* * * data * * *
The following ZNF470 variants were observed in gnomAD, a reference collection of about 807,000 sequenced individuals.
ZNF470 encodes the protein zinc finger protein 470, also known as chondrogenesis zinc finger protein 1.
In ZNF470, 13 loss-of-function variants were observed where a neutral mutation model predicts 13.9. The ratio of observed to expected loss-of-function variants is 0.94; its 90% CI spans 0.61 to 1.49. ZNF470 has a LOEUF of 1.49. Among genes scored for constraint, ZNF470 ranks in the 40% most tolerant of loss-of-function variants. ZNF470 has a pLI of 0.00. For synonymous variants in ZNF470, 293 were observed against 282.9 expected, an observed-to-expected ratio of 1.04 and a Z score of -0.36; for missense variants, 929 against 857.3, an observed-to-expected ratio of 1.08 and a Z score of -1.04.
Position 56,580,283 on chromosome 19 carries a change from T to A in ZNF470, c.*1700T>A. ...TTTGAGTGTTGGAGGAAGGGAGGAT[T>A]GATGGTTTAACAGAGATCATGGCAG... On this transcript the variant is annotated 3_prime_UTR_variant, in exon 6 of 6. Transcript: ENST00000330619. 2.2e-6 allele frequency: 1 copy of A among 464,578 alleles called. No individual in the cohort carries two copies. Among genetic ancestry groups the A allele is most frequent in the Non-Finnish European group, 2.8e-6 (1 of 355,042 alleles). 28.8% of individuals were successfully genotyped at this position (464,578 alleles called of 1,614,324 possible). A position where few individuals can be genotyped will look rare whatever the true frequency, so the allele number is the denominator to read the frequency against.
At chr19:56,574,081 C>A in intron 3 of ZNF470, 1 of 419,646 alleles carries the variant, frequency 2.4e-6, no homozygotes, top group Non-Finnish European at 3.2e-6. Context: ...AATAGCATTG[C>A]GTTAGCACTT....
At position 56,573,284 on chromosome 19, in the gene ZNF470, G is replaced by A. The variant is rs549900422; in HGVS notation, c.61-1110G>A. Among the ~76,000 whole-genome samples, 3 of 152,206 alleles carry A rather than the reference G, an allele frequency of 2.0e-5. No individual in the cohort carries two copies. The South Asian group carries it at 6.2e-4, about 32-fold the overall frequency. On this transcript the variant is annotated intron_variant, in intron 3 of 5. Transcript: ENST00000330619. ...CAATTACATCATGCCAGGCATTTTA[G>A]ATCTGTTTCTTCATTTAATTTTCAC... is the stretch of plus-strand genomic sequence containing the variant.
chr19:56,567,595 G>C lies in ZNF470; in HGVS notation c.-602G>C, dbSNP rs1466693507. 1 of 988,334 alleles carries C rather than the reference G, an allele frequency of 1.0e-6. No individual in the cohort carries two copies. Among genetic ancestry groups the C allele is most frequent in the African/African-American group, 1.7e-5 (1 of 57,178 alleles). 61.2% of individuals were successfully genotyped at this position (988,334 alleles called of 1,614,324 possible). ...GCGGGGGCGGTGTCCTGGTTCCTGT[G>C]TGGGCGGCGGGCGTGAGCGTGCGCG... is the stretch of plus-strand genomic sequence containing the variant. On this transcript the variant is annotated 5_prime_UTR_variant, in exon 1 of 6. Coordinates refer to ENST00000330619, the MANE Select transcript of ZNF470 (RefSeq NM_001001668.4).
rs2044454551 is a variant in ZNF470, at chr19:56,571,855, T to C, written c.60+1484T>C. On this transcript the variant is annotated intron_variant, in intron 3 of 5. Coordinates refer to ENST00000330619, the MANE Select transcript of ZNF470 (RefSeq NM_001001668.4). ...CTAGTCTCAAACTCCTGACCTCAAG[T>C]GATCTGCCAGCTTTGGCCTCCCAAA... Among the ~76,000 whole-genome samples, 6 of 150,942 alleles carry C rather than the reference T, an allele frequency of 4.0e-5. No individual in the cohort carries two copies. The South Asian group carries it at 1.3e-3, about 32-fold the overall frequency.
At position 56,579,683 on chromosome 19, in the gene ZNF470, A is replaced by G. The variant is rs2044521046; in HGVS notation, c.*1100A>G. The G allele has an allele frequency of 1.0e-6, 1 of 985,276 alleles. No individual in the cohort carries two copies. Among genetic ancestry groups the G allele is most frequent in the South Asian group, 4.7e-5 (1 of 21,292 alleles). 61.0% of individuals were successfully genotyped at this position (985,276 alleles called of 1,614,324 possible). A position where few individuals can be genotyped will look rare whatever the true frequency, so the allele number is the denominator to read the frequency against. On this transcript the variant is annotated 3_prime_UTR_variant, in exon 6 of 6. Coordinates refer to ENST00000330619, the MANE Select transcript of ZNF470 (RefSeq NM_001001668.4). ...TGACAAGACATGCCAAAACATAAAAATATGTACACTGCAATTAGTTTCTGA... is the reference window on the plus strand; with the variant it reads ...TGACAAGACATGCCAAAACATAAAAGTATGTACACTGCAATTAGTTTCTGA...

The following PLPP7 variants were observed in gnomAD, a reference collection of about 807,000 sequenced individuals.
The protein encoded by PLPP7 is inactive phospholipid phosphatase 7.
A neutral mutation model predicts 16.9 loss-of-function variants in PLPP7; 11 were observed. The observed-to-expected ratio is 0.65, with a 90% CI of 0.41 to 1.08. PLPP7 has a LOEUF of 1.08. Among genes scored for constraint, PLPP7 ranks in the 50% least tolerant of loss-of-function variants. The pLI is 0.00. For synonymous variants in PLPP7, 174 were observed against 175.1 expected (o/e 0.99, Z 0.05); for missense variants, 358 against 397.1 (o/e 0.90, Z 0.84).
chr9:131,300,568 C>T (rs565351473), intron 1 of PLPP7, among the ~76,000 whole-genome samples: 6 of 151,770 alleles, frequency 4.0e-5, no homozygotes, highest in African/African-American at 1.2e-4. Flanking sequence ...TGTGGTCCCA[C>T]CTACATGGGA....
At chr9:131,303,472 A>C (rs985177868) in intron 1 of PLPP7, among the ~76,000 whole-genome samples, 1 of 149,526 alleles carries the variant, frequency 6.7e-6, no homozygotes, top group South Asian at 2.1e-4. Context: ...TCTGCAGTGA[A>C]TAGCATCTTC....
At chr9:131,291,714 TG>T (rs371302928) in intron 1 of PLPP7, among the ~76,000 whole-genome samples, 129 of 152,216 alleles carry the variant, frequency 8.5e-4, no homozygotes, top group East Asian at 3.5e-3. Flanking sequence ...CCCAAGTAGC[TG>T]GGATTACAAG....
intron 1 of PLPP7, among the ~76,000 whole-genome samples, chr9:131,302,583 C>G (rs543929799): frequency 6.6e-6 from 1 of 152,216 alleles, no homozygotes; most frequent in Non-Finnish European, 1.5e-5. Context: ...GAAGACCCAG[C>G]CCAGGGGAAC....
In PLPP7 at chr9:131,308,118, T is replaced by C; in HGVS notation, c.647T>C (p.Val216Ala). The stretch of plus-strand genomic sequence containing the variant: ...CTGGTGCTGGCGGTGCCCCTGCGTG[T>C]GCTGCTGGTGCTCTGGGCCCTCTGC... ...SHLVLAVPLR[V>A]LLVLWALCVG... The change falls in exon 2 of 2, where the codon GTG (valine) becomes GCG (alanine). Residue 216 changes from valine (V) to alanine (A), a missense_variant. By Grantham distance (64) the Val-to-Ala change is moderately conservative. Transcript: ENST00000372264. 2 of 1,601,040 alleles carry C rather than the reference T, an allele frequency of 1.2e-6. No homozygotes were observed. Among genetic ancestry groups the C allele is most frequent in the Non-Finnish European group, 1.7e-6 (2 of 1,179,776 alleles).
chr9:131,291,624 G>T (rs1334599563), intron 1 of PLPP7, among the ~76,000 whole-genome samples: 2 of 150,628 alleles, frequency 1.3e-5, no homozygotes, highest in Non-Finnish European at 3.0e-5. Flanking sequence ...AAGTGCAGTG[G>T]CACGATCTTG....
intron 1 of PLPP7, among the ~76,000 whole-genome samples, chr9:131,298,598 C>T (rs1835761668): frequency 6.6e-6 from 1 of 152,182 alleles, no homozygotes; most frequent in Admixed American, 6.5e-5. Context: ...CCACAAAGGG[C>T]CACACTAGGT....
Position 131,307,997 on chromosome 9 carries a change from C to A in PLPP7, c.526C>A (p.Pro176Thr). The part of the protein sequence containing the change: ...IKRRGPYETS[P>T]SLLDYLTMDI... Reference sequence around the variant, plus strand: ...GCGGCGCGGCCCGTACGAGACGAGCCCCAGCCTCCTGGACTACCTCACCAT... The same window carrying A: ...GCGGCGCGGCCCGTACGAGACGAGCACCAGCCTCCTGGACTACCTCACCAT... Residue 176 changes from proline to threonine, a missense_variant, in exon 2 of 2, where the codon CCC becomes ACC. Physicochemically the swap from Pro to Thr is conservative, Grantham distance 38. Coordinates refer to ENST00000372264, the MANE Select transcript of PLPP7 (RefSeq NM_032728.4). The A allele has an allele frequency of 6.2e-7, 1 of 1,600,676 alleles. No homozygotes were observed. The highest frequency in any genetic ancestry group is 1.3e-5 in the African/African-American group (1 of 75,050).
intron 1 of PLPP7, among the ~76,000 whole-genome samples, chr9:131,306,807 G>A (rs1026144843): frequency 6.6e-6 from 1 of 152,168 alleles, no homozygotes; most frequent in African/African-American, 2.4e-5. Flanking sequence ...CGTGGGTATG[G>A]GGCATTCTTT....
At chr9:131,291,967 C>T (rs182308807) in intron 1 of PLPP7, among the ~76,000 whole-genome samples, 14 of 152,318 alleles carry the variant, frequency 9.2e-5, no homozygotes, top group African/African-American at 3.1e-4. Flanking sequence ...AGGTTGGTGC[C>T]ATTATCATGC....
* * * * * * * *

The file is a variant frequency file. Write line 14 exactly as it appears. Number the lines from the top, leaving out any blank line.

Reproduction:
At chr9:131,303,472 A>C (rs985177868) in intron 1 of PLPP7, among the ~76,000 whole-genome samples, 1 of 149,526 alleles carries the variant, frequency 6.7e-6, no homozygotes, top group South Asian at 2.1e-4. Context: ...TCTGCAGTGA[A>C]TAGCATCTTC....